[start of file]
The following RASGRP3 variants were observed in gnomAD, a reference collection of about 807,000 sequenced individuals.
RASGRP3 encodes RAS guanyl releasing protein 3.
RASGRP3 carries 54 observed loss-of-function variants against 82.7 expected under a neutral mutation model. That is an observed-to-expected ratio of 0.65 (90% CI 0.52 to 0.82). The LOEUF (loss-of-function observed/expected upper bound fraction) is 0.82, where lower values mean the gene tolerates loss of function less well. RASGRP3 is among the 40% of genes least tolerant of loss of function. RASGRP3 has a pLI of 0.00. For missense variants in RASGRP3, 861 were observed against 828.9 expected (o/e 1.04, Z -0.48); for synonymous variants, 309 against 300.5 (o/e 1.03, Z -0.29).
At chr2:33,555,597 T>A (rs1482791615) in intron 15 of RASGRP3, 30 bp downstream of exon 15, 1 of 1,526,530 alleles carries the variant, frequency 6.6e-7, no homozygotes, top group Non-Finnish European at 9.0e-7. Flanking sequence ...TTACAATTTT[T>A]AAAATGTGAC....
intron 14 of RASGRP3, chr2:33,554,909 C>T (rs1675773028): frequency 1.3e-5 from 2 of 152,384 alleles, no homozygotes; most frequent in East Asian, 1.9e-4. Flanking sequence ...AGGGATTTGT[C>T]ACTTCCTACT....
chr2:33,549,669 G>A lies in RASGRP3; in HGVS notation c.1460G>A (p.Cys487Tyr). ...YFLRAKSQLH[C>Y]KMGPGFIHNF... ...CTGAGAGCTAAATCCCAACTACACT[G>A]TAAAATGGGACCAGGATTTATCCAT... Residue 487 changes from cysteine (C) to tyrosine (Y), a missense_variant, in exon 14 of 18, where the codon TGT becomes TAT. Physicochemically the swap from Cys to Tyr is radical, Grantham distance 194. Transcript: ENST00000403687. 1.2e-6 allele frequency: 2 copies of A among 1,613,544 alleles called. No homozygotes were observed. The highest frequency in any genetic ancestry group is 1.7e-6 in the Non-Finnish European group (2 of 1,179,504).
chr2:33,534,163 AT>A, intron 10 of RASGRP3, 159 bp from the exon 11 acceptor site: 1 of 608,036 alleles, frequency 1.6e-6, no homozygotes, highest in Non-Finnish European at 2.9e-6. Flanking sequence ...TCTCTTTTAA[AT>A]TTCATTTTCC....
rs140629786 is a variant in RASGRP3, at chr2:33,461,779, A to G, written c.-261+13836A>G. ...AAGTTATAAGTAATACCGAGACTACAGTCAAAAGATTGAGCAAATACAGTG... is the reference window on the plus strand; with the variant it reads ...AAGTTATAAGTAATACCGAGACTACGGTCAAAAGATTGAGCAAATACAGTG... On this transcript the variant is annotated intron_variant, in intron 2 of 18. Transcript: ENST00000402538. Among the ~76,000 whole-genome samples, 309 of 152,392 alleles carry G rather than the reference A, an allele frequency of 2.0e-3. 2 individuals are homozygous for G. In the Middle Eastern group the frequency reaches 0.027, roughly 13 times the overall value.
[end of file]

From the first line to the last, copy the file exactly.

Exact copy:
The following RASGRP3 variants were observed in gnomAD, a reference collection of about 807,000 sequenced individuals.
RASGRP3 encodes RAS guanyl releasing protein 3.
RASGRP3 carries 54 observed loss-of-function variants against 82.7 expected under a neutral mutation model. That is an observed-to-expected ratio of 0.65 (90% CI 0.52 to 0.82). The LOEUF (loss-of-function observed/expected upper bound fraction) is 0.82, where lower values mean the gene tolerates loss of function less well. RASGRP3 is among the 40% of genes least tolerant of loss of function. RASGRP3 has a pLI of 0.00. For missense variants in RASGRP3, 861 were observed against 828.9 expected (o/e 1.04, Z -0.48); for synonymous variants, 309 against 300.5 (o/e 1.03, Z -0.29).
At chr2:33,555,597 T>A (rs1482791615) in intron 15 of RASGRP3, 30 bp downstream of exon 15, 1 of 1,526,530 alleles carries the variant, frequency 6.6e-7, no homozygotes, top group Non-Finnish European at 9.0e-7. Flanking sequence ...TTACAATTTT[T>A]AAAATGTGAC....
intron 14 of RASGRP3, chr2:33,554,909 C>T (rs1675773028): frequency 1.3e-5 from 2 of 152,384 alleles, no homozygotes; most frequent in East Asian, 1.9e-4. Flanking sequence ...AGGGATTTGT[C>T]ACTTCCTACT....
chr2:33,549,669 G>A lies in RASGRP3; in HGVS notation c.1460G>A (p.Cys487Tyr). ...YFLRAKSQLH[C>Y]KMGPGFIHNF... ...CTGAGAGCTAAATCCCAACTACACT[G>A]TAAAATGGGACCAGGATTTATCCAT... Residue 487 changes from cysteine (C) to tyrosine (Y), a missense_variant, in exon 14 of 18, where the codon TGT becomes TAT. Physicochemically the swap from Cys to Tyr is radical, Grantham distance 194. Transcript: ENST00000403687. 1.2e-6 allele frequency: 2 copies of A among 1,613,544 alleles called. No homozygotes were observed. The highest frequency in any genetic ancestry group is 1.7e-6 in the Non-Finnish European group (2 of 1,179,504).
chr2:33,534,163 AT>A, intron 10 of RASGRP3, 159 bp from the exon 11 acceptor site: 1 of 608,036 alleles, frequency 1.6e-6, no homozygotes, highest in Non-Finnish European at 2.9e-6. Flanking sequence ...TCTCTTTTAA[AT>A]TTCATTTTCC....
rs140629786 is a variant in RASGRP3, at chr2:33,461,779, A to G, written c.-261+13836A>G. ...AAGTTATAAGTAATACCGAGACTACAGTCAAAAGATTGAGCAAATACAGTG... is the reference window on the plus strand; with the variant it reads ...AAGTTATAAGTAATACCGAGACTACGGTCAAAAGATTGAGCAAATACAGTG... On this transcript the variant is annotated intron_variant, in intron 2 of 18. Transcript: ENST00000402538. Among the ~76,000 whole-genome samples, 309 of 152,392 alleles carry G rather than the reference A, an allele frequency of 2.0e-3. 2 individuals are homozygous for G. In the Middle Eastern group the frequency reaches 0.027, roughly 13 times the overall value.